Gina Haspel told the White House on Friday that she was interested in stepping aside from the nomination if it would damage her and the agency’s reputations, according to the Washington Post.
Haspel was due to be confirmed to the role of director by the Senate on Wednesday but was called to the White House before the weekend over questions about her involvement in the CIA’s controversial interrogation program, anonymous administration sources told the Post.
The 61-year-old played a role in the alleged torture of suspected terrorist detainees as a clandestine CIA officer following the September 11, 2001 attacks.
Friday’s meeting was followed by another with Haspel at CIA headquarters where she reportedly met for several hours with senior White House staff, including legislative affairs boss Marc Short and press secretary Sarah Huckabee Sanders.
Trump then phoned the staffers to push for Haspel to remain as nominee, the Post’s sources said. By Saturday she had reportedly agreed to continue with the nomination.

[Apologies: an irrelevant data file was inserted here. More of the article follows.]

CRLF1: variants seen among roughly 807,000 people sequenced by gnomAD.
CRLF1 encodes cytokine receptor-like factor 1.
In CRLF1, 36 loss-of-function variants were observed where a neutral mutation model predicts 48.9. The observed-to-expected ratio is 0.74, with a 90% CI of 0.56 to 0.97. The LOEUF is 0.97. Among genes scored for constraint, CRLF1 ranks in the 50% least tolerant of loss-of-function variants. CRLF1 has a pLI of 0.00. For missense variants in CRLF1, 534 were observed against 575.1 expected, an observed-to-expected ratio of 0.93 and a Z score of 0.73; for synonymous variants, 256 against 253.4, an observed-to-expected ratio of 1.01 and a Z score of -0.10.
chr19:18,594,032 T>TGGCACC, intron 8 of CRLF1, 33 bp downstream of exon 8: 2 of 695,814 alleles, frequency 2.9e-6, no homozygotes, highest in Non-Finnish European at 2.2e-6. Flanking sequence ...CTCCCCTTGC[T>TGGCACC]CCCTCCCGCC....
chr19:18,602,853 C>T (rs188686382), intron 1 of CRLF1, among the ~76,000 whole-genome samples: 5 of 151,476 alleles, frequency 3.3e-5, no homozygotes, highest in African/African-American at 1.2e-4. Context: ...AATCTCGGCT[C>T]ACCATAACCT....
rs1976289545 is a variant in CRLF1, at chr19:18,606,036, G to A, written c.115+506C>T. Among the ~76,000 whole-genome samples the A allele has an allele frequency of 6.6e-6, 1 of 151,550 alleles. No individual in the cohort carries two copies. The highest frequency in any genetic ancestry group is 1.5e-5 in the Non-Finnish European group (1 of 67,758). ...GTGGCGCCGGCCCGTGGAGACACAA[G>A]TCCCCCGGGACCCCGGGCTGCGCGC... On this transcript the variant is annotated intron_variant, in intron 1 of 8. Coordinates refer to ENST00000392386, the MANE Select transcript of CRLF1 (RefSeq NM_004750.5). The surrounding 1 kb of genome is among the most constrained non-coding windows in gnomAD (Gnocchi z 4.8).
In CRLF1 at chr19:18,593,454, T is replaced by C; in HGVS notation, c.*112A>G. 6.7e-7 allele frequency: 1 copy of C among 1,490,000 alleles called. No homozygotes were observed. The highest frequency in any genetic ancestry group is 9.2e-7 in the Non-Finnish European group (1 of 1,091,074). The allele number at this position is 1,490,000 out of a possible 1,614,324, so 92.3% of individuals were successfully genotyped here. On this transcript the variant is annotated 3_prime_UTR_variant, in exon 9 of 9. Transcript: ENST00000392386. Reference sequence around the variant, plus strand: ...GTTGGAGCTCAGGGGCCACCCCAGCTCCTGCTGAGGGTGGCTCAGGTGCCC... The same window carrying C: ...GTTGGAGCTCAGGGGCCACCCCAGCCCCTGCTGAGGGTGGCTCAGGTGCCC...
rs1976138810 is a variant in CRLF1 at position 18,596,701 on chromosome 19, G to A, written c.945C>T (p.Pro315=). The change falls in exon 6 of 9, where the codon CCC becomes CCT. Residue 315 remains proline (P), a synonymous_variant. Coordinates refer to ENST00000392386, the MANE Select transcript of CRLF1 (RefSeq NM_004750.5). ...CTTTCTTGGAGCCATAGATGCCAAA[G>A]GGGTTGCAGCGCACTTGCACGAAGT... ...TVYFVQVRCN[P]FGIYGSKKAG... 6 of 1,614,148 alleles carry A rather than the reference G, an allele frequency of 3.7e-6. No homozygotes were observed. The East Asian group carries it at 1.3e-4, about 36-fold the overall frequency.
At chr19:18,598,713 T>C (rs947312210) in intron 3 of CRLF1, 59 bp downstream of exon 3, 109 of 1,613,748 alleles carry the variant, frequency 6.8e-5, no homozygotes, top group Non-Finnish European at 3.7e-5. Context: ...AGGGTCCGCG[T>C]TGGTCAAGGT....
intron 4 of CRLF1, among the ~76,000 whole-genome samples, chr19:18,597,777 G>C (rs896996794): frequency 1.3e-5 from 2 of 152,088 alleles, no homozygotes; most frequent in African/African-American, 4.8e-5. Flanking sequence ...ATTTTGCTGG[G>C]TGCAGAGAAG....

In 2002 Haspel ran a so-called CIA “black site,” or secret detention centre which allegedly tortured two suspected al-Qaeda terrorists.
Haspel became deputy director of the agency in 2017 and was named last Tuesday as the replacement for Mike Pompeo, who was made secretary of state.
Her nomination has come in for criticism even from Republicans, with Senator John McCain having said she needed to explain her involvement in one of the “darkest chapters in American history.”